BREAKING: AGC's response to the Woffles Wu case (17 June 2012)

1. We refer to the media reports about the case against Woffles Wu.

2. Woffles Wu was charged for abetting his employee Kuan to give false information to the police about the commission of speeding offenses in 2005 and 2006. Kuan gave the false information. Woffles Wu, who did not give any information to the police, was charged with abetting Kuan to do so, which is an offence under Section 81(3) of the Road Traffic Act.  There was no evidence of payment or gratification given to Kuan. Kuan, who is 82 years old, was given a stern warning.

3. In general, fines or short custodial sentences are imposed for wilfully providing false information, under Section 81(3) Road Traffic Act. Custodial sentences are typically imposed under this section when there are aggravating features, such as many instances of the offence committed by the same person.  

4. Some media reports refer to cases in which imprisonment term has been imposed under Section 204A of the Penal Code.  The accused could not have been charged under that provision for intentionally perverting the course of justice (which is a more serious charge compared with Section 81(3) of the Road Traffic Act).  This is because the accused committed his offence in 2006, before Section 204A of the Penal Code was enacted in 2008. The position of the accused is therefore different from others who were subject to Section 204A and who have been punished with a term of imprisonment.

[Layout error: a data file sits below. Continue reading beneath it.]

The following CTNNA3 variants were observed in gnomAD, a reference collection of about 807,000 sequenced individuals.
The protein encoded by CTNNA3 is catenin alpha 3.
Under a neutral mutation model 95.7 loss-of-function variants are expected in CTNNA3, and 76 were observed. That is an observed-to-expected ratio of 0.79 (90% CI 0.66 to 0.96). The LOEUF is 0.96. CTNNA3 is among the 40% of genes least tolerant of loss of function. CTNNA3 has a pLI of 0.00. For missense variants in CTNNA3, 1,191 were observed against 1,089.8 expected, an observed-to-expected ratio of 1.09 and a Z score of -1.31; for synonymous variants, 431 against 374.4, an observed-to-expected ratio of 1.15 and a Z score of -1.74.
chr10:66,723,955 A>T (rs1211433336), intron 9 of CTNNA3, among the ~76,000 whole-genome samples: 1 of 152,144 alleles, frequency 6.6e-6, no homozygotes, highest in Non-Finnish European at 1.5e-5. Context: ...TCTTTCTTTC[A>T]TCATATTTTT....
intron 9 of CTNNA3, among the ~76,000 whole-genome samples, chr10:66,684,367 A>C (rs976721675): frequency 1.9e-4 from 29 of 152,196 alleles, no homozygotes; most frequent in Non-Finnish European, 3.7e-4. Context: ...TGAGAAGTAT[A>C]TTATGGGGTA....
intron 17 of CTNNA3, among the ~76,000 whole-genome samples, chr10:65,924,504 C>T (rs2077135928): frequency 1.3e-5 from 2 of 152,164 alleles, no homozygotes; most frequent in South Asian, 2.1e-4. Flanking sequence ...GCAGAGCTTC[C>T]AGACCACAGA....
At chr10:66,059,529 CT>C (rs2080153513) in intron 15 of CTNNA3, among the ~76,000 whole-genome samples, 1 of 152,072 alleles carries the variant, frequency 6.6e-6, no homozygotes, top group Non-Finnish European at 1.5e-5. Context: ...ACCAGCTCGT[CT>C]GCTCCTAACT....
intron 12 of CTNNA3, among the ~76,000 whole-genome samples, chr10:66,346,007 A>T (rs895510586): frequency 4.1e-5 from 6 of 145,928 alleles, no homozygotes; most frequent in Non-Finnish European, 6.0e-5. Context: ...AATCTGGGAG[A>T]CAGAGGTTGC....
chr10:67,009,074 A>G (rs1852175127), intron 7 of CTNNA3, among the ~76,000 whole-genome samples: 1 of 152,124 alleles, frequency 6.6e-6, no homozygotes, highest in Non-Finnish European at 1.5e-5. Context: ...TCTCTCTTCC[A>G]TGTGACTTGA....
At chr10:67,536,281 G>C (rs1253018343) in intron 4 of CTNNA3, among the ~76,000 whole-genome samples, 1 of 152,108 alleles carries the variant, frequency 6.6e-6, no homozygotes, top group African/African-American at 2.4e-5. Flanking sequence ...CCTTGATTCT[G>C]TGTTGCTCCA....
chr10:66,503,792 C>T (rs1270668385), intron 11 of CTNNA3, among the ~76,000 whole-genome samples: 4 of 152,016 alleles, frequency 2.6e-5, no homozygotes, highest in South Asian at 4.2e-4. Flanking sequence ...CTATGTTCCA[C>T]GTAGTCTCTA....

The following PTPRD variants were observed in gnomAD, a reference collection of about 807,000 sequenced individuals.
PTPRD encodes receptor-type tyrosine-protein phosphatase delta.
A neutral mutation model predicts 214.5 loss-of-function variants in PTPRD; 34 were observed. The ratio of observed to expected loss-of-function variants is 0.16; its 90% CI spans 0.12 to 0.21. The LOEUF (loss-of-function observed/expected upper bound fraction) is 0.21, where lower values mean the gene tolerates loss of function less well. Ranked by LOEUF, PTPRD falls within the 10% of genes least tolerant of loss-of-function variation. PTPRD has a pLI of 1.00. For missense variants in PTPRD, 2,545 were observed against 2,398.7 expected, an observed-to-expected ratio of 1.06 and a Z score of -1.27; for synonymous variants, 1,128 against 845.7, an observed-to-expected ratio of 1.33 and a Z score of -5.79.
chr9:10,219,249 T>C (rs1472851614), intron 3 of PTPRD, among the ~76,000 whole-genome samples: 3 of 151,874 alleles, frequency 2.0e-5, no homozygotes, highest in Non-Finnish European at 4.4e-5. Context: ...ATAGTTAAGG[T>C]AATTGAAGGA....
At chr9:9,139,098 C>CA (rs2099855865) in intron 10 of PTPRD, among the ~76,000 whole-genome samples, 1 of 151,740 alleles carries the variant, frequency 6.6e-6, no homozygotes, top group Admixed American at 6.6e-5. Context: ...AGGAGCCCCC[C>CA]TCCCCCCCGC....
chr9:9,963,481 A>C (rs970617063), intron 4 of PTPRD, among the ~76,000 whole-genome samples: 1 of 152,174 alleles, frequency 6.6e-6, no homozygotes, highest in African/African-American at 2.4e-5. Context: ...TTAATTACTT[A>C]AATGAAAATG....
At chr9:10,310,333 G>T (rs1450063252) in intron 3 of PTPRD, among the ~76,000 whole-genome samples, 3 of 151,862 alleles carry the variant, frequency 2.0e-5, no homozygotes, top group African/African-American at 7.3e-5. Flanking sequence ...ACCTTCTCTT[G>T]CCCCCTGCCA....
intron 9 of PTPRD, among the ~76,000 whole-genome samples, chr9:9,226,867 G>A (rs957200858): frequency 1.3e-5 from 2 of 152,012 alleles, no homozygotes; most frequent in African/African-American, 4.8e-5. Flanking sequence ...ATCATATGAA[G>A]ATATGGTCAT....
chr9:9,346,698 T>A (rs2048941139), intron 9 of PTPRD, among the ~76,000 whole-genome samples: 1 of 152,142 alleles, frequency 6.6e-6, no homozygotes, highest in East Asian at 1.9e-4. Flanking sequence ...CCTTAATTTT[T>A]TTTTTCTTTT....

5. The charge preferred against an accused person would be calibrated to reflect the seriousness of the criminal act and the fact situation, and whether the legislation in question provides a specific provision dealing with the criminal act or whether reliance has to be placed on general legislation such as the Penal Code. On the facts of this case, as there was no major accident or injury, it was considered appropriate to proceed under Section 81(3) of the Road Traffic Act rather than invoke the general provisions of the Penal Code, such as Section 182. Other sections have their own requirements, which would not have been met on the facts of the present case. Prior to 2008, offences of this nature were generally dealt with under Section 81 (3) of the Road Traffic Act.

*  *  *

Media Contact:

Li Jin Haw (Ms)

Assistant Director, Corporate Communications Unit

Attorney-General’s Chambers, Singapore

Email: [email protected]

Tel: 6332 4693